Charles Henry Hauser

Author: Ros Clow
Date published: 01/05/2022

Hauser questions answered

In Spring 2010 I wrote about Charles Hauser in this newsletter.

I had discovered an entry in the records, kept at Shaw Cemetery, recording that the Home Office had allowed the exhumation of his remains in 1963. He was to be re-buried in the German Cemetery at Cannock Chase.

Some initial research showed that at the beginning of the war he was employed as a Head Waiter in a hotel in London. He was married to a much younger woman and had a young child, Constance. I was perplexed. I wrote:

“How did he come to Newbury during World War I? His death certificate provided the answer. He had died, aged 45, from pneumonia in ‘The Hospital, Prisoner of War Camp, Racecourse, Greenham’, on the 5th December 1914. We do not know when he came to England; he had anglicised his name, presumably from Hans Klaus, married and had a good job but because he was German he was transported to Greenham and interned.”

Since then, I have found out more. In 1914 there were lots of German waiters in England. At the outbreak of the Great War an anti-German frenzy was reported in the press and all over the country ‘alien enemies’ were rounded up, imprisoned and transported to the ‘concentration camp at Newbury Racecourse’.

The conditions at the racecourse were brought under question by the Hamburg Medical Association, complaints filed, and the British Medical Association mounted an enquiry. They were concerned about the nine doctors among the internees. An internee who was over 60 years old was released and wrote about the conditions.

“He said that 1,340 Germans were confined in a training stable, eight or ten men lying together on old straw in a horsebox. Each man received two thin blankets and nothing else. There was no furniture and no light, so that at dusk they must all ‘creep into their straw’. They had to cook their own food in the open air on a hearth consisting of a ditch and some bricks on which stood saucepans which had to be used alike for cooking tea and thin soup….” (British Medical Journal Dec 5th 1914)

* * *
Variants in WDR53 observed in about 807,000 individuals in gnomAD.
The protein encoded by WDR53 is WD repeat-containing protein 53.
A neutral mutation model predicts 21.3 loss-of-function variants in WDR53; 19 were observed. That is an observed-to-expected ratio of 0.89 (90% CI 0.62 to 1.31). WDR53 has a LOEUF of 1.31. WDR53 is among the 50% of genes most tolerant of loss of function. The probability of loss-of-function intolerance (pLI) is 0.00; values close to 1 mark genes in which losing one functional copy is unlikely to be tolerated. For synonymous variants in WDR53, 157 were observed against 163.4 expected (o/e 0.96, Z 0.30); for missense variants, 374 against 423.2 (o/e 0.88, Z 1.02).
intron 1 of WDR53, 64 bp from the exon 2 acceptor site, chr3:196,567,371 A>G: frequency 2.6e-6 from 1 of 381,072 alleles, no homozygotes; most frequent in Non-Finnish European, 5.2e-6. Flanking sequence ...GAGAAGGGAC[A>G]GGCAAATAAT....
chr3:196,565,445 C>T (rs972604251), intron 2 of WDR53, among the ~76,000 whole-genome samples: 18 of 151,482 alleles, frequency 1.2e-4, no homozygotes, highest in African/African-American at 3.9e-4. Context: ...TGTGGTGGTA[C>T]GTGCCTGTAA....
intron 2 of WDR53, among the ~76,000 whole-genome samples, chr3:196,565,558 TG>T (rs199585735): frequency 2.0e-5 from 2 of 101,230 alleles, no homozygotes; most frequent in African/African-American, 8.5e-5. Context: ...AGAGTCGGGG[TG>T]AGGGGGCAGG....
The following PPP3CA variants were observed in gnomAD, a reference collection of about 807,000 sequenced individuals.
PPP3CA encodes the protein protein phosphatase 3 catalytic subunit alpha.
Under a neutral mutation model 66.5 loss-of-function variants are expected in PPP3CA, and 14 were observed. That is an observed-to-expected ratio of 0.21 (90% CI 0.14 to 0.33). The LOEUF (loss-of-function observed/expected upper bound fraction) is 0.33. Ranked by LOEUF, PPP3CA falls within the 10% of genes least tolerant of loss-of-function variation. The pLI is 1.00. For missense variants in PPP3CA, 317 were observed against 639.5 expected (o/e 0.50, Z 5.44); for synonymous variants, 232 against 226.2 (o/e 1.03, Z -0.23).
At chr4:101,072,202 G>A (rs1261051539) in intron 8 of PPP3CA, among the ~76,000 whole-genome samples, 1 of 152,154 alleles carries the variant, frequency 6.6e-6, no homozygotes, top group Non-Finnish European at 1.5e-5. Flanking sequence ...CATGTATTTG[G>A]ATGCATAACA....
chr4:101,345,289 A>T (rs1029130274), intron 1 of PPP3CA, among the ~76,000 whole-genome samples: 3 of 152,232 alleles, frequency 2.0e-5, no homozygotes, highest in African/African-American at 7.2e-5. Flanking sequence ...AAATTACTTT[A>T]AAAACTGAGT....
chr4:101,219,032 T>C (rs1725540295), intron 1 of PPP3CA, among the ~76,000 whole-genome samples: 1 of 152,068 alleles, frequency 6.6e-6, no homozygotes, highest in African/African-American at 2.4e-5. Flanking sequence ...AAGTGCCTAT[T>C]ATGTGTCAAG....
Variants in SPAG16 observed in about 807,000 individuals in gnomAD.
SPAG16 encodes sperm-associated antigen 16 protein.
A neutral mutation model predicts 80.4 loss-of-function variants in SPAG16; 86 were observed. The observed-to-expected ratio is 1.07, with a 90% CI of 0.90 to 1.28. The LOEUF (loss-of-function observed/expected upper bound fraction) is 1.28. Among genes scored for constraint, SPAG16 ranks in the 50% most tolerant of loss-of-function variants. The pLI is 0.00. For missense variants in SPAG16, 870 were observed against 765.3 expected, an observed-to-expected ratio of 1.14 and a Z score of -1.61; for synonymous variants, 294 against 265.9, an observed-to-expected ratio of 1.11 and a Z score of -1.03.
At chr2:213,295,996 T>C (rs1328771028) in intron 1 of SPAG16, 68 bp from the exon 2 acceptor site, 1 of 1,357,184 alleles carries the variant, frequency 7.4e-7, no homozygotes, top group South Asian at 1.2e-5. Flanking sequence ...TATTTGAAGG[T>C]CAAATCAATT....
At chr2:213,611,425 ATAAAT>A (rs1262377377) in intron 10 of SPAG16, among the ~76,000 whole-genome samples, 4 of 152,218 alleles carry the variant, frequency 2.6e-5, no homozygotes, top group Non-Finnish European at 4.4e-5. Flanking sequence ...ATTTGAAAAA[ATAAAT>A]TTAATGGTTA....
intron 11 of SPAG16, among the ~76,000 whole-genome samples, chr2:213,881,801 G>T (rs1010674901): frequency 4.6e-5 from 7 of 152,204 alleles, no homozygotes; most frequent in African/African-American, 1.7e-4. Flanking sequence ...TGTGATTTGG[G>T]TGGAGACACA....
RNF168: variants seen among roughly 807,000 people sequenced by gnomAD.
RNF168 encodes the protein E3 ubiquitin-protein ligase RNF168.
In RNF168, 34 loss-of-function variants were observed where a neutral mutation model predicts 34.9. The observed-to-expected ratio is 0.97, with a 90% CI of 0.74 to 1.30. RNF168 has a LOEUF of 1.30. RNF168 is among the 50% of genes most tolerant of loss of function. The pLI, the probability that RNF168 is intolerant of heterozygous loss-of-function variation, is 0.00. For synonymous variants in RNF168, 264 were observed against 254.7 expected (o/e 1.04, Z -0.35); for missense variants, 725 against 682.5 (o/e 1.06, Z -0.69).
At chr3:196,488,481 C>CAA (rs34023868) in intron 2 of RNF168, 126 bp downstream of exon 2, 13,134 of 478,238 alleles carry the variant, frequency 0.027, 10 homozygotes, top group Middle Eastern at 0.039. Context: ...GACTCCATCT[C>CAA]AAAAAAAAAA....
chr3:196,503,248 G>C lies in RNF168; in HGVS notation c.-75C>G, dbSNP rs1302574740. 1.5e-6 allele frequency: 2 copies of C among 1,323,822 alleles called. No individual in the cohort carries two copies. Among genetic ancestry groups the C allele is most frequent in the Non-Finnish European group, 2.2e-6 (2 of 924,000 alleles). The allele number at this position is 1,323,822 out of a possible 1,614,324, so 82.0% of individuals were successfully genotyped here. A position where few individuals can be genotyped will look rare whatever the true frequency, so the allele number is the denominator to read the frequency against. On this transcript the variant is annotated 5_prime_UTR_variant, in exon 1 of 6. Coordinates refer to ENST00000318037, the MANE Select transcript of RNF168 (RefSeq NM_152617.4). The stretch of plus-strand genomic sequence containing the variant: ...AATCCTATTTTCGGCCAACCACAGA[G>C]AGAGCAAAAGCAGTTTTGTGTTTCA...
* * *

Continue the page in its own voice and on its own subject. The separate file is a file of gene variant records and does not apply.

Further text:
A Times newspaper reporter investigated and reported that the charges were over-stated. The Prime Minister visited and made inquiries. The accusations were refuted but on December 12th the BMJ announced that the Newbury Concentration Camp was to be closed forthwith. This was too late for Charles Hauser who had died, aged 45, on 5th December.

He was buried on 8th December 1914 in the Old Cemetery and from the funeral report we discover that he was a Catholic. Father Green had attended him ‘up to the very last’ and conducted the funeral service. The funeral cortège consisted of a hearse, behind which came Father Green, eight prisoners of war who bore the coffin, and an armed guard of half-a-dozen National Reserves acting as an escort. (NWN, 10th December 1914)

Unsolicited documents arrived; I think from the Red Cross with more information. Hauser was born in Offenburg, i/Baden, Boldgasse 5. Offenburg is Southeast of Strasbourg. He was referred to a ‘Henry Charles’ in these documents. He was buried in plot 1521 in our cemetery. I wonder where that was!

In March Dave couldn’t resist visiting the German Military Cemetery at Cannock Chase. Their online diagram and map meant that we knew exactly where to find Hauser. There are four names on each gravestone and from his inscription we discovered that his name was Heinrich Hauser, not Hans as I had guessed back in 2010.

Ros Clow, April 2022.


We have been able to be in contact with his grandson's niece in Australia and she provided the following information:   Charles was born circa 15 Aug 1869 IN Hamburgh Germany to Wilhelm Hauser and Louisa Pauline Fromaine.

He shows up in 1871,1881,1901,1911 Census records.

On 19 Nov 1909 he married Flora Iris Eilbeck and they had 1 child Audrey Constance Hauser born 1910. Charles died at Newbury Racecourse concentration camp in 1914 and was intially buried at Newtown Road Cemetery , Newbury

Iris later met an Australian service man , married and inmmigrated to Australia with their daughter. Their grandson who  lives in Australia has not very much information about his grandfather, Charles except the knowledge of his death in internment.


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